In Chemical Mystery #10, plastic straws are observed to “magically” change color when waved in the air. Check it out in the video below:
This trick makes use of straws that contain thermochromic dyes,1 which are dyes that display different colors at different temperatures.2,3 The dyes in the straws happen to be colored (either red or blue) at cold temperatures but colorless at warm temperatures. It is obvious then, that the straws are colored when cool but colorless when warm.
But how is it that the straws only display color when they encounter one of two liquids and are subsequently waved in the air? Given the thermochromic nature of the dyes, one might guess that the color change somehow results because one of the liquids is cool, while the other is warm. However, both liquids are at room temperature! The difference results because one of the liquids is acetone, while the other is water. If you would like to see how I set up this experiment, check out the video below.
Room temperature is high enough to cause the thermochromic dyes in the straws to be colorless. Thus, straws placed in room temperature acetone or water will have no color. However, when a straw is removed from a liquid and waved in the air, residual liquid clinging to the straw evaporates off the surface of the straw. The energy to drive the evaporation (remember, evaporation is an endothermic process) come from the straw. Therefore, the straw loses energy – and drops in temperature – as the liquid evaporates. If the temperature drops enough, the thermochromic dye in the straw displays its color.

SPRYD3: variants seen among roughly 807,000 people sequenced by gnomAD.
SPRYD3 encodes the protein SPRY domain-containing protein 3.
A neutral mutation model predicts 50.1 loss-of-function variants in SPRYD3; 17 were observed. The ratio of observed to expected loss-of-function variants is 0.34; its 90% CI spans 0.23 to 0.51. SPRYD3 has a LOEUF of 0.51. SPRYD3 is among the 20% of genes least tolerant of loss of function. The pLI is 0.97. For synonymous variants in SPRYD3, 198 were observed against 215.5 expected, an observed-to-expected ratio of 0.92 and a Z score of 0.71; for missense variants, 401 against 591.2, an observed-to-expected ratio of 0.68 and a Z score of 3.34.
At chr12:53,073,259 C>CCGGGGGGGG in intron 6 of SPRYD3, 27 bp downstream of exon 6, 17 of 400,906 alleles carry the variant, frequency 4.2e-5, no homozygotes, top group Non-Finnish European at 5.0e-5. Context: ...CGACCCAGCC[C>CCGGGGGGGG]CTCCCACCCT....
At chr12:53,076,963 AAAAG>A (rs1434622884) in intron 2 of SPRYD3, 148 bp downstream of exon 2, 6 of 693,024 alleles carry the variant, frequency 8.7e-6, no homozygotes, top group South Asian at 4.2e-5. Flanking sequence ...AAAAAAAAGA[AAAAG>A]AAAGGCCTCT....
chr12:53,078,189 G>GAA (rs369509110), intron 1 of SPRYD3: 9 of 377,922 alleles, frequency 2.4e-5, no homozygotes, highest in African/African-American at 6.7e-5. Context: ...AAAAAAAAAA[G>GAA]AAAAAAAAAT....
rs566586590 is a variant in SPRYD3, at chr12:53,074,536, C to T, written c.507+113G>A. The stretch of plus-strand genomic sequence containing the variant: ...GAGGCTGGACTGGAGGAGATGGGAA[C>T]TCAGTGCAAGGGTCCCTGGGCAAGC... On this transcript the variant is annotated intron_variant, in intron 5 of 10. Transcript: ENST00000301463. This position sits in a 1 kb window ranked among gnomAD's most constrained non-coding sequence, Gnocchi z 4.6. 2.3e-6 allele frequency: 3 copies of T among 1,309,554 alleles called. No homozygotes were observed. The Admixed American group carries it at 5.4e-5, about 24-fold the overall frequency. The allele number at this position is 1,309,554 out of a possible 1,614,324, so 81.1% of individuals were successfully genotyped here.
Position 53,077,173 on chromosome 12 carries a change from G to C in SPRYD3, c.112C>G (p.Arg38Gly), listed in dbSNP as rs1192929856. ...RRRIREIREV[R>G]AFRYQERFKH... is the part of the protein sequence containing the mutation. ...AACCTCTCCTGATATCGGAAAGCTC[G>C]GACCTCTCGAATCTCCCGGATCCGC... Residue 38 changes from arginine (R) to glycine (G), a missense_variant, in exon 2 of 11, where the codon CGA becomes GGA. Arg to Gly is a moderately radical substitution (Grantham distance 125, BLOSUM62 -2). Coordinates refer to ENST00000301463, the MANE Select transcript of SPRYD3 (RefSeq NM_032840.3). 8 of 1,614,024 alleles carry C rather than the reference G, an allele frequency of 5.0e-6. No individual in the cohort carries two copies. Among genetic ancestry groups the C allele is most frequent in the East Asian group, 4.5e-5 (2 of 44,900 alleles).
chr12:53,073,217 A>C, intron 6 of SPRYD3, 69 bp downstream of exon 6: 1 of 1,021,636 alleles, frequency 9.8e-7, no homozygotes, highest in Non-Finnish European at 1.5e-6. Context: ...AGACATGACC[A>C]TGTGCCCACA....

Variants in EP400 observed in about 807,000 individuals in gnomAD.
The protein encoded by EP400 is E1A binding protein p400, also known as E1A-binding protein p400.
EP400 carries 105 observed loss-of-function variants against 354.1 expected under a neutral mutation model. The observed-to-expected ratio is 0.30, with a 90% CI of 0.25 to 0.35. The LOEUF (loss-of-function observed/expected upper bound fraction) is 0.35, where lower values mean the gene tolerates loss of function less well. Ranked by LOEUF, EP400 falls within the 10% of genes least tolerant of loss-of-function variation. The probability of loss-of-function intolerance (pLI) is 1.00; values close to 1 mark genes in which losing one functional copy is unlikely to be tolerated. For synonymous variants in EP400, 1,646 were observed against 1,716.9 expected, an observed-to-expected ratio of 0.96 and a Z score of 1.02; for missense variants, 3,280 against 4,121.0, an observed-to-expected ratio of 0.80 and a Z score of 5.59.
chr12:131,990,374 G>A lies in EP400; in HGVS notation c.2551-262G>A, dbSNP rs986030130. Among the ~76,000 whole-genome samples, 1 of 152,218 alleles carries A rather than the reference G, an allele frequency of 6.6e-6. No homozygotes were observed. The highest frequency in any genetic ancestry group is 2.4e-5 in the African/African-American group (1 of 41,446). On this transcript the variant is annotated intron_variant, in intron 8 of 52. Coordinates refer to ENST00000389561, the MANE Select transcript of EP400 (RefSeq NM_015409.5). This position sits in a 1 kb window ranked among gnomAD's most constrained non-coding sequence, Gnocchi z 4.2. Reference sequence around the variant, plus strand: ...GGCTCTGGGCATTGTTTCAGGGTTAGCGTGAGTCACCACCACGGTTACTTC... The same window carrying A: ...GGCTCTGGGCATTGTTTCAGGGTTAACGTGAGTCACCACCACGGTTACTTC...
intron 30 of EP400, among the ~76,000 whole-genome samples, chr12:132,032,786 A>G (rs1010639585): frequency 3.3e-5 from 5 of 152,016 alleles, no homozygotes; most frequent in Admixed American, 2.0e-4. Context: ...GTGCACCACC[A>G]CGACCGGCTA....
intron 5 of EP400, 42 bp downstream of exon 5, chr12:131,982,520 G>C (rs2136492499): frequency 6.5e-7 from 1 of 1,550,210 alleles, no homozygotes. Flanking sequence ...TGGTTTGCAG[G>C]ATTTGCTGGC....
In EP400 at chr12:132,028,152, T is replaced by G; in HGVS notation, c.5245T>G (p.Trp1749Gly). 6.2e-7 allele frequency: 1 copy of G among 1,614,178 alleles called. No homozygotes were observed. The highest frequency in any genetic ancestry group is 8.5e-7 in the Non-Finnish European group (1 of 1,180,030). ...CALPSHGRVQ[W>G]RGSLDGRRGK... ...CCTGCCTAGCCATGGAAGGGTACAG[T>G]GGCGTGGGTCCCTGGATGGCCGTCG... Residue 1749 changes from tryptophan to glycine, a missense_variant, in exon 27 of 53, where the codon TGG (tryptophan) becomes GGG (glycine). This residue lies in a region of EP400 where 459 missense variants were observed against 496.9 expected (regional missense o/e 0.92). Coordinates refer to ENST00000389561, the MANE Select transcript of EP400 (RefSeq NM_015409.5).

The color change only occurs in straws that have come into contact with acetone. Liquid acetone evaporates very quickly, due to the relatively weak intermolecular forces that exist between acetone molecules. Because of this, a straw dipped in acetone and waved in air will drop in temperature very quickly as acetone rapidly evaporates off its surface. The temperature drop is rapid enough to allow a color change to be observed in the dyes in the straw. Water molecules, on the other hand, have very strong intermolecular forces. As a result, a straw dipped in water and waved in the air will drop in temperature slowly: so slowly that the temperature of the straw does not drop quickly enough to register a color change.
This experiment allows for a discussion of the difference between thermodynamic and kinetic explanations. This experiment makes no sense if one compares the enthalpies of vaporization of acetone (31 kJ mol-1 ) and water (44 kJ mol-1).4 It actually takes MORE energy for water molecules to evaporate off of the surface of the straw than it does for molecules of acetone. Since this is the case, the greater temperature drop observed in the straws dipped in acetone must result from much more rapid evaporation of acetone molecules (as compared to water molecules) from the straw surface.
Be sure to drop me a line in the comments if you use this experiment in your classroom. If you do so, use caution when waving around the straw dipped in acetone, because droplets of acetone are often flicked off the straw in many directions. Thus, you should stand a safe distance from observers when conducting this demonstration.
Let me know if you fool your students!
References (accessed 7/5/2017)
For Laboratory Work: Please refer to the ACS Guidelines for Chemical Laboratory Safety in Secondary Schools (2016).
For Demonstrations: Please refer to the ACS Division of Chemical Education Safety Guidelines for Chemical Demonstrations.
Other Safety resources
RAMP: Recognize hazards; Assess the risks of hazards; Minimize the risks of hazards; Prepare for emergencies